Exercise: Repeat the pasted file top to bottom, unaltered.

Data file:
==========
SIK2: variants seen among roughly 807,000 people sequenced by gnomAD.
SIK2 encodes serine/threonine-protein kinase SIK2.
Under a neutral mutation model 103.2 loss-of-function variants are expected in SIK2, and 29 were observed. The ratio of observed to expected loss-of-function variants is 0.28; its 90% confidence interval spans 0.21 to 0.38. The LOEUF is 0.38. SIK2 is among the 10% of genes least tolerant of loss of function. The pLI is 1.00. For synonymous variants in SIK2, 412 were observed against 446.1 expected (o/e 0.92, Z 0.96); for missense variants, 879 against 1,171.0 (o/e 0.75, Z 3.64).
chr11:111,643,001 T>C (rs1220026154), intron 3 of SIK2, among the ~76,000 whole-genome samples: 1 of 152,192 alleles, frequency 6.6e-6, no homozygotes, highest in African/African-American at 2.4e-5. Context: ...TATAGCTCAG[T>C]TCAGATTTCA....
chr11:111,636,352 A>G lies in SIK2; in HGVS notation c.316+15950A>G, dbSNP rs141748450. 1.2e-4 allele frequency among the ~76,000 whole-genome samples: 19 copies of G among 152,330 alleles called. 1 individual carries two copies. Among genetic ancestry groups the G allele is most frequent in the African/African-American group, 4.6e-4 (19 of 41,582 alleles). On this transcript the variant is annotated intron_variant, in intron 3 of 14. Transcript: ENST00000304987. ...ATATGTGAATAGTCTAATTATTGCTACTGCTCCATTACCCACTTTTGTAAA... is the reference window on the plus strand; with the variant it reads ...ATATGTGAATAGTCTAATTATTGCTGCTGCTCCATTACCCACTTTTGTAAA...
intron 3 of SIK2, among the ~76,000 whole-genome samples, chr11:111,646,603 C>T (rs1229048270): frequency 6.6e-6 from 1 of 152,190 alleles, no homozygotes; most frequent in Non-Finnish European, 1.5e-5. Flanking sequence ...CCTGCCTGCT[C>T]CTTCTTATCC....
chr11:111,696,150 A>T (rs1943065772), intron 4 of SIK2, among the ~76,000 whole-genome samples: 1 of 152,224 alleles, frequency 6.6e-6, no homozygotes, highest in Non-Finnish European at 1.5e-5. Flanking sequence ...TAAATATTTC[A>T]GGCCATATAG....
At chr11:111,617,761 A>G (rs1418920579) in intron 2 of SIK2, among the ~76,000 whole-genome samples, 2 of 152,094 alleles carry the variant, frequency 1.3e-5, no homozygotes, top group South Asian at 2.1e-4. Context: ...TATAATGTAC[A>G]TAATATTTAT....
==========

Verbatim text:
SIK2: variants seen among roughly 807,000 people sequenced by gnomAD.
SIK2 encodes serine/threonine-protein kinase SIK2.
Under a neutral mutation model 103.2 loss-of-function variants are expected in SIK2, and 29 were observed. The ratio of observed to expected loss-of-function variants is 0.28; its 90% confidence interval spans 0.21 to 0.38. The LOEUF is 0.38. SIK2 is among the 10% of genes least tolerant of loss of function. The pLI is 1.00. For synonymous variants in SIK2, 412 were observed against 446.1 expected (o/e 0.92, Z 0.96); for missense variants, 879 against 1,171.0 (o/e 0.75, Z 3.64).
chr11:111,643,001 T>C (rs1220026154), intron 3 of SIK2, among the ~76,000 whole-genome samples: 1 of 152,192 alleles, frequency 6.6e-6, no homozygotes, highest in African/African-American at 2.4e-5. Context: ...TATAGCTCAG[T>C]TCAGATTTCA....
chr11:111,636,352 A>G lies in SIK2; in HGVS notation c.316+15950A>G, dbSNP rs141748450. 1.2e-4 allele frequency among the ~76,000 whole-genome samples: 19 copies of G among 152,330 alleles called. 1 individual carries two copies. Among genetic ancestry groups the G allele is most frequent in the African/African-American group, 4.6e-4 (19 of 41,582 alleles). On this transcript the variant is annotated intron_variant, in intron 3 of 14. Transcript: ENST00000304987. ...ATATGTGAATAGTCTAATTATTGCTACTGCTCCATTACCCACTTTTGTAAA... is the reference window on the plus strand; with the variant it reads ...ATATGTGAATAGTCTAATTATTGCTGCTGCTCCATTACCCACTTTTGTAAA...
intron 3 of SIK2, among the ~76,000 whole-genome samples, chr11:111,646,603 C>T (rs1229048270): frequency 6.6e-6 from 1 of 152,190 alleles, no homozygotes; most frequent in Non-Finnish European, 1.5e-5. Flanking sequence ...CCTGCCTGCT[C>T]CTTCTTATCC....
chr11:111,696,150 A>T (rs1943065772), intron 4 of SIK2, among the ~76,000 whole-genome samples: 1 of 152,224 alleles, frequency 6.6e-6, no homozygotes, highest in Non-Finnish European at 1.5e-5. Flanking sequence ...TAAATATTTC[A>T]GGCCATATAG....
At chr11:111,617,761 A>G (rs1418920579) in intron 2 of SIK2, among the ~76,000 whole-genome samples, 2 of 152,094 alleles carry the variant, frequency 1.3e-5, no homozygotes, top group South Asian at 2.1e-4. Context: ...TATAATGTAC[A>G]TAATATTTAT....